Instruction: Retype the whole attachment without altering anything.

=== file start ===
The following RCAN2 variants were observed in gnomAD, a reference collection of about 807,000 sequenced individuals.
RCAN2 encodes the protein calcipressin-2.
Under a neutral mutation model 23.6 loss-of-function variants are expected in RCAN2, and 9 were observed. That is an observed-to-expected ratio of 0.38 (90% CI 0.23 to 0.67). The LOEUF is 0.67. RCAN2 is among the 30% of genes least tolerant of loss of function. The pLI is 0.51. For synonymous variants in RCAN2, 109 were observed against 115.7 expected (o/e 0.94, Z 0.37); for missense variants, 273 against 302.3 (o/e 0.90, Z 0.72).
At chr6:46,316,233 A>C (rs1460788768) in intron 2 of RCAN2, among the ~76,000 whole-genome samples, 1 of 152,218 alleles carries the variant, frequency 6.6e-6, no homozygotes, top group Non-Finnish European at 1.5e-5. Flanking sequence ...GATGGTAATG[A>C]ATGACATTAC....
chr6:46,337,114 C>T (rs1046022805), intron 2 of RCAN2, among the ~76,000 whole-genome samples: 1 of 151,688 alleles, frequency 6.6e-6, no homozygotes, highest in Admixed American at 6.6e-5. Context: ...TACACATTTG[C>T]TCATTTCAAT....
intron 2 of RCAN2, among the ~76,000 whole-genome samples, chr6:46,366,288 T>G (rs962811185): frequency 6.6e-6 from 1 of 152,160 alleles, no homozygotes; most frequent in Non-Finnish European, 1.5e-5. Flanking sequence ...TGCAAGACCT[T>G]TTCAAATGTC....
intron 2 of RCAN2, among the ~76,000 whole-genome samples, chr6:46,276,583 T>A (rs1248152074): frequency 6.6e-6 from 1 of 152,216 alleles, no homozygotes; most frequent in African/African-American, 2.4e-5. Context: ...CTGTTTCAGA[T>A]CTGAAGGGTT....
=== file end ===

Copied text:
The following RCAN2 variants were observed in gnomAD, a reference collection of about 807,000 sequenced individuals.
RCAN2 encodes the protein calcipressin-2.
Under a neutral mutation model 23.6 loss-of-function variants are expected in RCAN2, and 9 were observed. That is an observed-to-expected ratio of 0.38 (90% CI 0.23 to 0.67). The LOEUF is 0.67. RCAN2 is among the 30% of genes least tolerant of loss of function. The pLI is 0.51. For synonymous variants in RCAN2, 109 were observed against 115.7 expected (o/e 0.94, Z 0.37); for missense variants, 273 against 302.3 (o/e 0.90, Z 0.72).
At chr6:46,316,233 A>C (rs1460788768) in intron 2 of RCAN2, among the ~76,000 whole-genome samples, 1 of 152,218 alleles carries the variant, frequency 6.6e-6, no homozygotes, top group Non-Finnish European at 1.5e-5. Flanking sequence ...GATGGTAATG[A>C]ATGACATTAC....
chr6:46,337,114 C>T (rs1046022805), intron 2 of RCAN2, among the ~76,000 whole-genome samples: 1 of 151,688 alleles, frequency 6.6e-6, no homozygotes, highest in Admixed American at 6.6e-5. Context: ...TACACATTTG[C>T]TCATTTCAAT....
intron 2 of RCAN2, among the ~76,000 whole-genome samples, chr6:46,366,288 T>G (rs962811185): frequency 6.6e-6 from 1 of 152,160 alleles, no homozygotes; most frequent in Non-Finnish European, 1.5e-5. Flanking sequence ...TGCAAGACCT[T>G]TTCAAATGTC....
intron 2 of RCAN2, among the ~76,000 whole-genome samples, chr6:46,276,583 T>A (rs1248152074): frequency 6.6e-6 from 1 of 152,216 alleles, no homozygotes; most frequent in African/African-American, 2.4e-5. Context: ...CTGTTTCAGA[T>A]CTGAAGGGTT....